20 years is a really long time. When you are young and think about "where will I be in 20 years?" it seems so far off in the future that anything could be possible! For 4 incredibly naive, enthusiastic wine geeks in the tiny community of Dixon, New Mexico, it was a finish line. 

25 years ago, Jesse and his brother Chris (not yet 21 years old) put into motion the dream of creating a winery. This winery wouldn't just be a side project like many of the wineries they saw around them, wineries that were filled with retired men from other professions, but a winery with purpose, focus and momentum to exact change on the industry. Lofty aspirations? Absolutely! But it is the young, brash, egocentric that make things happen right? 

The goal was to make truly dry European style wines, from NM fruit, and put NM on the global wine map. These brothers also hoped to get married, have kids, raise their families in Dixon and have a built in support to allow each family to travel for extended durations. 

Liliana and I joined the team, amazingly at the same time, when she moved from Mexico to New Mexico to be with Chris. I had rekindled my relationship with Jesse and decided not to continue my plan to move to New York City. The 4 of us were sure we would be millionaires in 5 years. We thought we could sustain a highly productive, debt free winery out of a 800 square foot rastra block building. We thought we could rule the world from the childhood rooms of the winemakers. Yes, we had moved into the old adobe home the guys grew up in, grateful for every home-cooked meal their mother provided, every wonderful wine their dad opened, and every square foot of their farm they lovingly turned over to us. We heard the advice from those in the industry at the time who said we would fail if we made dry wines, said that we needed a dose of reality, and maybe we did, but we didn't sit still for a moment. 

Working other jobs to afford grapes, pay for school loans, buy barrels, buy groceries, buy bottles and corks and labels and and and... landed us on food stamps with house-sitting jobs. We definitely did NOT have a million dollars. But 5 years after Liliana and I joined the team in 2001, we had built and opened our Dixon tasting room, gotten married (yep, we did that at the same time too) and were on our way to starting families. Our dry wines had become something of a cult attraction after we showed up to wine festivals with giant 'No Sweet Wines' banners. We were actually struggling to keep up with the demand for product. Believe it or not, even with the constant stress and around the clock work, it was a really fun time in our lives. 

Now as we celebrate our tasting room's 20 year anniversary, it is amazing to look back and recognize how far we have come. It is incredible that we struggled to grow this winery year after year after year. Conversations where we all wondered if we were going to make it through another winter. Times when hiring help meant we didn't pay ourselves. Times when we suffered heartbreak after discovering someone stealing from us. The betrayal after putting your heart and soul into building something, then having someone take from it hurts immeasurably. Through it all, we stayed determined to meet our goal. 

Today we can proudly say that we have won gold medals for our wines around the world. We have had the most revered wine critic, James Suckling from Wine Spectator Magazine, say our Refosco wine was up there with some of the very best from Italy. We can boast wine ratings in the 90s and have stellar reviews in so many magazines, blogs, shows and podcasts we've lost count! Along the way we have also gathered certifications, continued education, extensive travel, phenomenal opportunities and an amazing platform to shout to the world that New Mexico Wine is here to play.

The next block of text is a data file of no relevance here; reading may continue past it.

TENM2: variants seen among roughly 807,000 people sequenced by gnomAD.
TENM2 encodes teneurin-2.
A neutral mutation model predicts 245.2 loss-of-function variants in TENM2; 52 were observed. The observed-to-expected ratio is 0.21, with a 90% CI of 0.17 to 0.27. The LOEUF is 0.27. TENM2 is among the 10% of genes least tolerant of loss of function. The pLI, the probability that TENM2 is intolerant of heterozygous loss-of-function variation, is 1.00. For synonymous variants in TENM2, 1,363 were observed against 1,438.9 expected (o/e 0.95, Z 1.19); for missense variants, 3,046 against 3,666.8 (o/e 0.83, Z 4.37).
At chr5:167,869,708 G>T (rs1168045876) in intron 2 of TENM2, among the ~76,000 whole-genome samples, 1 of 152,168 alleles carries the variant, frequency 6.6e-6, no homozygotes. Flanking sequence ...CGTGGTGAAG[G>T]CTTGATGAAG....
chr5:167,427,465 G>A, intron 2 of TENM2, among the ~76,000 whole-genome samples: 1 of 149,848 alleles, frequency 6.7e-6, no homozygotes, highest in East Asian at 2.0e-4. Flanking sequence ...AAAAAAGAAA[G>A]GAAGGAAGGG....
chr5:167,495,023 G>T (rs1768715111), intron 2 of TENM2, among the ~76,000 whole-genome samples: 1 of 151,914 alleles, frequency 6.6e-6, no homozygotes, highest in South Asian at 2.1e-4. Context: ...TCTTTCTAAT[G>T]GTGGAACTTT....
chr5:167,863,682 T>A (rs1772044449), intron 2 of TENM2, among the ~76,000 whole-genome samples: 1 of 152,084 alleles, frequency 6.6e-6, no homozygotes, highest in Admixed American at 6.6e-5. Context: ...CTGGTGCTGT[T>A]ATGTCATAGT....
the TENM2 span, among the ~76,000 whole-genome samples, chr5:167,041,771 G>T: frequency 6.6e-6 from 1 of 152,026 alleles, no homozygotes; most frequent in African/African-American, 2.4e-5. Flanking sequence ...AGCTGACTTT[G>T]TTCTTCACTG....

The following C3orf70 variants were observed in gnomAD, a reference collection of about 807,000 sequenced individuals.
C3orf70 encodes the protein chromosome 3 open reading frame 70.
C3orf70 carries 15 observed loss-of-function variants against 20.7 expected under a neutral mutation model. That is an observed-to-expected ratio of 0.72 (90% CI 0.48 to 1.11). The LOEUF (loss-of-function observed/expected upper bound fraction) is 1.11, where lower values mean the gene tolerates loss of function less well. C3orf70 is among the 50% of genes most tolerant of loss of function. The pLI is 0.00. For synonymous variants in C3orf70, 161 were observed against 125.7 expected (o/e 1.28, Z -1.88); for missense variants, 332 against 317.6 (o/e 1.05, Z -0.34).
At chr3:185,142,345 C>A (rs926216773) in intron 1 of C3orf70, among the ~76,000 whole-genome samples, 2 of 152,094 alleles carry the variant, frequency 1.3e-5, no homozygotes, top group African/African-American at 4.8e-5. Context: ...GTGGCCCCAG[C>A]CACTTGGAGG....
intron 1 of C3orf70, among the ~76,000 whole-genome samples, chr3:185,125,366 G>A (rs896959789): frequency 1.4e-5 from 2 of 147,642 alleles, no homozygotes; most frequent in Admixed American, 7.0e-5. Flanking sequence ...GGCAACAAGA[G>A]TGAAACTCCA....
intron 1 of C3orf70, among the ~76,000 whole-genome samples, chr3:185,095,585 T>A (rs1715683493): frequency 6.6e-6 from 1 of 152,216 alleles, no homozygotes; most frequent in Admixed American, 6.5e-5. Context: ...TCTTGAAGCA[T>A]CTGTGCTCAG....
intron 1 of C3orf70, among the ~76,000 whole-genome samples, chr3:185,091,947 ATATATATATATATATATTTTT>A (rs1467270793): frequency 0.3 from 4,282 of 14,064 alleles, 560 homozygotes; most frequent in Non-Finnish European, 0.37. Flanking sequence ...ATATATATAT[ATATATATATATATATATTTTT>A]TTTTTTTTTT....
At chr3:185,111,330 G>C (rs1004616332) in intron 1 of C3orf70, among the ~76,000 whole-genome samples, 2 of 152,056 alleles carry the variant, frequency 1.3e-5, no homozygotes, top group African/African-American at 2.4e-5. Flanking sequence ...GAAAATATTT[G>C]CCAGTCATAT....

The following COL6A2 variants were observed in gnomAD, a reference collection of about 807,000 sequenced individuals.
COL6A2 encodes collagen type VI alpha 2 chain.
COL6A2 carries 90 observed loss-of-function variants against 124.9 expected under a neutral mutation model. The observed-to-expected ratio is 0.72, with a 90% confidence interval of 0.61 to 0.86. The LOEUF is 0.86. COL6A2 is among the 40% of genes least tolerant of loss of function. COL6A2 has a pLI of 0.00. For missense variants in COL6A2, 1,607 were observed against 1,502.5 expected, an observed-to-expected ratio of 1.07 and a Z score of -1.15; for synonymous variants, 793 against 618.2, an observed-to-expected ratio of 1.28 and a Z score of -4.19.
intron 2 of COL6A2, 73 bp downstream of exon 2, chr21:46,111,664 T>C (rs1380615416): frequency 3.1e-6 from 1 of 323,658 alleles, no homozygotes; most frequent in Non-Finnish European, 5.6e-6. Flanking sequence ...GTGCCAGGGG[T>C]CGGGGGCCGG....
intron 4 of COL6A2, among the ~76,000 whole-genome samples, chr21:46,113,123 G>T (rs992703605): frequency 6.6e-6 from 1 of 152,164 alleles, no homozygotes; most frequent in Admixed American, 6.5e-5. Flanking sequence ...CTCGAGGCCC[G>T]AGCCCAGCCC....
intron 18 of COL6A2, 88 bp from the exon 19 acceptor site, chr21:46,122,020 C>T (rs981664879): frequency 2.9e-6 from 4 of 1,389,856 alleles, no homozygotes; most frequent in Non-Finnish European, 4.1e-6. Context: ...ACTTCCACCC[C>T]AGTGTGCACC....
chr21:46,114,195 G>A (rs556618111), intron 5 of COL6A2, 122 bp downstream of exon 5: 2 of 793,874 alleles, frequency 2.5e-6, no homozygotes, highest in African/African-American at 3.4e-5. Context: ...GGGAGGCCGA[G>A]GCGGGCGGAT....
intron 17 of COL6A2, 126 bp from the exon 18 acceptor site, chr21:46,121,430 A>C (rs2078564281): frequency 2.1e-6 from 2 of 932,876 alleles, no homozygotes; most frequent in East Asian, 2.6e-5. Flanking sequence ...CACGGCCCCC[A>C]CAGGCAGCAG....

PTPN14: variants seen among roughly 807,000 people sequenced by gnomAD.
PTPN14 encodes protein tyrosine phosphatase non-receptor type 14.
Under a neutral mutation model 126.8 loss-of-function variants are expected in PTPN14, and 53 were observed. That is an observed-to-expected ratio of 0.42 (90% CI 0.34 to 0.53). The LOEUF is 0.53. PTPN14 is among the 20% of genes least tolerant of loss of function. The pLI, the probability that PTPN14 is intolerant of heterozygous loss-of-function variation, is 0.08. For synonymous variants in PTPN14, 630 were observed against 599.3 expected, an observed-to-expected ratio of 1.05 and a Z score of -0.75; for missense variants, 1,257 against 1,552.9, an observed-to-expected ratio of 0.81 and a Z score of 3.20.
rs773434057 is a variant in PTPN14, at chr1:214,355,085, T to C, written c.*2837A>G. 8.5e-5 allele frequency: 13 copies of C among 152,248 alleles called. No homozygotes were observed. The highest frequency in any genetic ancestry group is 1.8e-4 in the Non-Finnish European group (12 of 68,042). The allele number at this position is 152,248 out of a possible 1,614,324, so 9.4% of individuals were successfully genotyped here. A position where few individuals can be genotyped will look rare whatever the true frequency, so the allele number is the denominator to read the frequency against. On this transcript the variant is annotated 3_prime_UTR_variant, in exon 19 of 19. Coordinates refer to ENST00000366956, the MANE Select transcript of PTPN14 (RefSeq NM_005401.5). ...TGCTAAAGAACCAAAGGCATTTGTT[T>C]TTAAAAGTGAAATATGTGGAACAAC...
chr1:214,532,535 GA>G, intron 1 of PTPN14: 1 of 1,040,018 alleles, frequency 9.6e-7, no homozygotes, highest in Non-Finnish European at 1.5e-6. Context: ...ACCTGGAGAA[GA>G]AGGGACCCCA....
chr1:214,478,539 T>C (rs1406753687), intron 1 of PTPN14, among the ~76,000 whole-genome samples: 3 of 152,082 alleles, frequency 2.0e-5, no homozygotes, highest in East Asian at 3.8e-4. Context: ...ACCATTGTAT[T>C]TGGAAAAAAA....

If you follow our social media, you know all about the incredible events, competitions and publications we have contributed to. We believe in building up our industry and guiding in the new generations, of which there are many. We are thrilled to have been able to assist change as we took NM Wine to New York, Washington, France, Germany, Italy and everywhere in between. When our friend's wineries have a win, we celebrate with them. When our industry takes strides forward partnering with organizations like the tourism department, we raise a glass. And when our children took jobs with the winery, we beamed with pride. 

20 years have gone by in a flash. The signs of growth are sprawling vineyards over the hillside, packed patios and fine lines around our eyes. I'd say we wish for more looking toward the next 20 years, but I don't know that there is more we can wish for. We have continued to be a dynamite foursome making our dreams come true. We have put New Mexico on the global wine map and will continue to do so with international events, showcases, classes and maybe a few things we have up our sleeves. One thing is for sure, the next 20 will be less about struggling to get somewhere and more about holding on tight to this rocket of success. It sure feels good to be 20 years down the road from where we started.

Thank you to each and every one of you who have bought wine, come to drink in the view, watched our videos, read our blog, liked our posts, attended our events and told friends about us. You managed to raise 4 wild kids and turn them into thriving winery owners. I'd say we've grown into adults, but have you met us? 

Final note:
With excitement, we announce that we will make our very first “Beaujolais Nouveau” style wine! As far back as the 1800s, Beaujolais Nouveau producers would gather to celebrate the end of the harvest by toasting the vintage with some of the young wine produced that year. Traditionally using the Gamay grape, we are using our incredible 1725 Estate Vineyard Pinot Munier. This very special wine needs a very special label, so we are having a LABEL CONTEST! We want you to be a part of our story, open this wine in October when we release it, and cheers with us. If you have a label idea, check out the guidelines to participate here .